Far too many people today feel helpless and clueless when it comes to getting their next job. And too often they act just like the skunk. They focus on what they believe is a "sweet" opportunity without considering the fit. And just like the skunk, they find themselves stuck. They're in the wrong environment; the culture is not a fit. They're working for the wrong boss, who is never going to champion them to gain the learning experiences that will expand their skill set. And all they can do is shake their head back and forth, wondering how they can get out of this mess.

How can I get a new job? What's it going to take? What should my resume say? How do I go about this process? People at the earliest stages of their career are not the only ones asking these questions. I hear them from people at all levels, even those who have two or three decades of professional experience.

Their stories of frustration and confusion are similar. I can't help but have empathy. But honestly, in the back of my mind I'm thinking something is terribly wrong here-unfortunately, with them. Their entire approach is just plain wrong.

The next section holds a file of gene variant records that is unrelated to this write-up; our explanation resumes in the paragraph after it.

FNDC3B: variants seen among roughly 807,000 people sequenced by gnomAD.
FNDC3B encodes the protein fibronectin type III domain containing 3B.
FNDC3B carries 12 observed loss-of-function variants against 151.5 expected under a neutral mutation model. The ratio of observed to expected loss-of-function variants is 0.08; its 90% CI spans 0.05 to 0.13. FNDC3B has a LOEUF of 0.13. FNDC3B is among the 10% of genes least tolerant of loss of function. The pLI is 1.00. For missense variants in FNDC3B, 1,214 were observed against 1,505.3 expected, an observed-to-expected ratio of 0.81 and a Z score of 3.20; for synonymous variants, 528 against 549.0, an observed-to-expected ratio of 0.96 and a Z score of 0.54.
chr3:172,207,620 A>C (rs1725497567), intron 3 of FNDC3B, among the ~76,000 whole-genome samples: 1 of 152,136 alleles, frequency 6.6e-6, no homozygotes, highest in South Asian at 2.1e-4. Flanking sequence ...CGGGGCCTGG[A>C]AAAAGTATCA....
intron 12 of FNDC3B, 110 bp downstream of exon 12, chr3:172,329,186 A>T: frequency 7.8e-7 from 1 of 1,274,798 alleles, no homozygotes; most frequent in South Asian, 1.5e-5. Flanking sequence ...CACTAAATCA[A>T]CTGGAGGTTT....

In my thirty-five years of professional life, including the last decade as CEO of a public company, I have been continuously shocked by the naiveté of people when it comes to their career. From the supposed most sophisticated to the least experienced, from Fortune 500 board members and seasoned executives to college seniors, people are confounded by how to find their next "gig." Not knowing what to do, they resort to the old standby: "Let me send you my resume," which has become as meaningless a cliché as "Let's do lunch." When you say it, you know you're never going to have lunch. The same goes for your offer to email your resume. Unless someone genuinely wants to hear from you, your resume isn't going anywhere.

That's why you need to lose the resume to land the right job. Yes, you still need to have a resume, but don't expect it to be more than a calling card, a conversation opener. Unfortunately, people think their resume accounts for 90 percent of getting a new job, when actually it's only 10 percent. No wonder sending out resumes isn't getting people where they want or need to go!

"Let me send you my resume" has become as meaningless a cliché as "Let's do lunch."

While it's true that almost anyone with a decent education and some experience can get a job, finding the right job is not easy. In fact, it has never been harder. Forget unemployment rates that might not seem so bad these days; most unemployment figures mask the fact that the combination of technology and a merciless global economy has made it almost impossible to find work that offers the compensation we want or purpose we need. In survey after survey, it's the same complaints: Wage growth isn't happening, motivation is down, and job stability is vanishing.